According to the New York Post on Jan. 31, Gilberto Valle, the so-called “cannibal cop” is attempting to blame his somewhat unusual penchant on Cameron Diaz. More specifically, Cameron Diaz in the 1994 film “The Mask.”
Valle claims he was a young adolescent when he first saw “The Mask.” The scene where Cameron Diaz pretends to be abducted and bound to a tree is the scene that he claims began his deviant pattern of arousal.
Basically, Diaz gets chased into an alley where she’s caught by two criminals. She’s later tied to a coconut tree in a casino with a ticking time bomb at her feet. She’s strung up with arms over her head and legs wrapped to the tree trunk with duct tape. She’s rescued by Jim Carrey’s character Stanley Ipkiss, a/k/a “The Mask.”
Valle then claims he discovered internet porn in high school. He became particularly interested in bondage sites. However, his liking for “cannibalism pornography” didn’t come about until he was a sophomore in college when he found some hard-core DVDs that his roommates had.
“It was this discovery that led Valle to darker fetish websites, including ‘Muki’s Kitchen,’ which was his gateway into cannibalism pornography,” public defenders Julia Gatto and Edward Zas wrote.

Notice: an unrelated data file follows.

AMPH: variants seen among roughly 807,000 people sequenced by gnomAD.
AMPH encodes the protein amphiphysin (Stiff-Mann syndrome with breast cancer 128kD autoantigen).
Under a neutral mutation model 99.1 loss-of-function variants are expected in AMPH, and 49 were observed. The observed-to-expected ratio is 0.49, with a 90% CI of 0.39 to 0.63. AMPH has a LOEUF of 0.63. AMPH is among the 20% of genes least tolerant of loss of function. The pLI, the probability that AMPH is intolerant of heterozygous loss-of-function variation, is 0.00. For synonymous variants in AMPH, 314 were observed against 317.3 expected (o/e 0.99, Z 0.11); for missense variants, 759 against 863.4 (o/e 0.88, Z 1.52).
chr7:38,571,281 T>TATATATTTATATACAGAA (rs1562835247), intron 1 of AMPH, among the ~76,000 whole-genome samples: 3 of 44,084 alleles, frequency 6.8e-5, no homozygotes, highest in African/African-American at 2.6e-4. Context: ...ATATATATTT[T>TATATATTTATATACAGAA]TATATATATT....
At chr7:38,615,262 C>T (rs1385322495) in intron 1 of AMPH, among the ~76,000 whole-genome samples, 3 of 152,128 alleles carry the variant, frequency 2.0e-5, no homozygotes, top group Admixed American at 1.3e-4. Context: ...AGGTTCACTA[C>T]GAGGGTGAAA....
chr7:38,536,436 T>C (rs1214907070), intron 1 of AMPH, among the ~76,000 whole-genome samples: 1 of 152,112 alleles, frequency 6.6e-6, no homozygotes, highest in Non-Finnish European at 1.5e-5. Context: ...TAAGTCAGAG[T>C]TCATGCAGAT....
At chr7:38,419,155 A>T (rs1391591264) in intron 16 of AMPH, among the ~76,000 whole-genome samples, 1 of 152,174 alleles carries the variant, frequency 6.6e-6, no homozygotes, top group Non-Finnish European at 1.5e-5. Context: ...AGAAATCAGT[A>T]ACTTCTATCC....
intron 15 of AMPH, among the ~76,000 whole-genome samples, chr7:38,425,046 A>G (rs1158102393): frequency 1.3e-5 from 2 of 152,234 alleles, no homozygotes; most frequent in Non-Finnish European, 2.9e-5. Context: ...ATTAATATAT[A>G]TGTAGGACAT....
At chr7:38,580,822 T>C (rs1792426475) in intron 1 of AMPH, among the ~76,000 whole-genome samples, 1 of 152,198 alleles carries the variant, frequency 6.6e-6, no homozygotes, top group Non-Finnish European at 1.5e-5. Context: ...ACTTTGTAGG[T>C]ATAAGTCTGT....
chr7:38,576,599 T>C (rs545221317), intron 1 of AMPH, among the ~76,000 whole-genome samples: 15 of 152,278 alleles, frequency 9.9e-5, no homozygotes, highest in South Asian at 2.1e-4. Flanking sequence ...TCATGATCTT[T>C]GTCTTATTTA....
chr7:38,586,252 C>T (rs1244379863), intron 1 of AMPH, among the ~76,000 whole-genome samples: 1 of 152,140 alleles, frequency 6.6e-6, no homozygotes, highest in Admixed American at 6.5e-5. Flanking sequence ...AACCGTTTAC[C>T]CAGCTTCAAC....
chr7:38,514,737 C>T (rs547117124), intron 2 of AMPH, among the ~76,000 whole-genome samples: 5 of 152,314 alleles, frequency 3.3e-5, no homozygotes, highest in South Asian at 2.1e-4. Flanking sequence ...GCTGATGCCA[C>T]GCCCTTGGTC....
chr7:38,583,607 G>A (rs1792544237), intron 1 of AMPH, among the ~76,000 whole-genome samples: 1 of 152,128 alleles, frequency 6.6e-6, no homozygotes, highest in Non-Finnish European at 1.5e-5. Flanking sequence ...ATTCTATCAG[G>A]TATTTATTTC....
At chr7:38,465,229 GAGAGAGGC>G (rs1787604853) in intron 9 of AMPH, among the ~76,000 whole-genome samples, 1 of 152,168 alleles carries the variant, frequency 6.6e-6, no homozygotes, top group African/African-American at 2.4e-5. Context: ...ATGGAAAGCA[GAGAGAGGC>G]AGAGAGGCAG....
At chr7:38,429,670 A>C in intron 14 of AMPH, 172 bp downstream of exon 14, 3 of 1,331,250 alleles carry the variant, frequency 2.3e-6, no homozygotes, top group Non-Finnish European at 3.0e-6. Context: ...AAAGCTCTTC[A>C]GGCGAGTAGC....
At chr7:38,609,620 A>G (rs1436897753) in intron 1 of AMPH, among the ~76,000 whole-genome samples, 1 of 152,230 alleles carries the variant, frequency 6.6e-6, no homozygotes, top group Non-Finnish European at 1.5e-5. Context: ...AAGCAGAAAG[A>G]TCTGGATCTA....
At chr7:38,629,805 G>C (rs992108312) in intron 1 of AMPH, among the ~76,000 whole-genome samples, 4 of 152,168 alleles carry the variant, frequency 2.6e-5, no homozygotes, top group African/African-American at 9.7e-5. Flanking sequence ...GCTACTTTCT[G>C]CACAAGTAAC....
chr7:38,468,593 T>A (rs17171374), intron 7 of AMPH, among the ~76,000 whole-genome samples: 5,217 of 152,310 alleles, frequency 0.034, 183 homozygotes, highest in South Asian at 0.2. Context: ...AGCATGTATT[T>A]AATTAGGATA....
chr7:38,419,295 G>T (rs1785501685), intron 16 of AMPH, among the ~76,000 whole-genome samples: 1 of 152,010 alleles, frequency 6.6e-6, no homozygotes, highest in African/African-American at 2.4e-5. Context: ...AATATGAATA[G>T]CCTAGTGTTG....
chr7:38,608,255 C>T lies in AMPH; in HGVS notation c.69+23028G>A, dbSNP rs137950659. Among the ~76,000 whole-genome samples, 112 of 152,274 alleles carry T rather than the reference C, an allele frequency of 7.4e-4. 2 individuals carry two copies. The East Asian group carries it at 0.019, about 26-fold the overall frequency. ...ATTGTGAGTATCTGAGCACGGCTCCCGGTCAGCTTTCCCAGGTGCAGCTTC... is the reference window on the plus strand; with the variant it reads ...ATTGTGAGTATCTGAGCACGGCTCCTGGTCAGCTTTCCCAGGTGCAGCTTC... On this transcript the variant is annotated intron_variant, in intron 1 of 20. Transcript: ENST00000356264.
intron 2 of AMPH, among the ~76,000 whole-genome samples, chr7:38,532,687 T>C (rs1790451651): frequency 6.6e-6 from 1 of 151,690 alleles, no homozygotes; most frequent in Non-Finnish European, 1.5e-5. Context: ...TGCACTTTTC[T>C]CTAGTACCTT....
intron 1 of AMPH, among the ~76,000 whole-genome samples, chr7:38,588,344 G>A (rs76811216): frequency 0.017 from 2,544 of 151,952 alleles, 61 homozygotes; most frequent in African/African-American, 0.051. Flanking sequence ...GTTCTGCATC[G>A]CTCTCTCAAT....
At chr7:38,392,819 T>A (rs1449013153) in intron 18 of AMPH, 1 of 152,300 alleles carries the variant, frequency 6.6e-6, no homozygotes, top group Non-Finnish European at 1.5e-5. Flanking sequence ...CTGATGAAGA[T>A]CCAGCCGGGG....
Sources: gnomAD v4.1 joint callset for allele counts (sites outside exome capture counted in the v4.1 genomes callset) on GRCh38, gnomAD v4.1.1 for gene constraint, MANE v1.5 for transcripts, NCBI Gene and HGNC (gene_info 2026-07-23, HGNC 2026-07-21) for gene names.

“Until that day, the cannibalism idea had not popped into his mind.”
“Muki’s Kitchen” features images of “naked pornographic actresses tied up in preparation for being cooked and eaten, usually with an apple in their mouths.” Court papers say Valle was “aroused by this.”
In what has to be one of the most unique jury selections ever, Valle’s lawyers asked the judge to show potential jurors a photo of a naked, hogtied blonde with an apple in her mouth to screen out jurors too squeamish to deal with his “unusual sexual fantasies which involve imagined acts of violence against women.”
Valle goes on trial next month for allegedly scheming online to kidnap, rape, torture, cook and eat women. All of this legal wrangling is an effort to get forensic psychiatrist Park Dietz to testify on Valle’s behalf at the trial.
The defense contends that Valle never intended to act out his fantasies. Supposedly, Park Dietz will tell jurors that Valle does not have a mental illness “associated with violence” and that he “lacks…risk factors for violence.”
Valle reportedly told Dietz about his relationships with women. His lawyers call these relationships “remarkable only for the respect he showed his female acquaintances,” along with “the absence of premarital sexual relations.”
Representatives for Cameron Diaz and anyone connected with “The Mask” have not commented yet. However, millions of people saw “The Mask” and have not been led to Valle’s particular evil fantasies from the silly, somewhat ridiculous, funny movie. If there is blame to be placed here, it should land squarely on the shoulders of Gilberto Valle.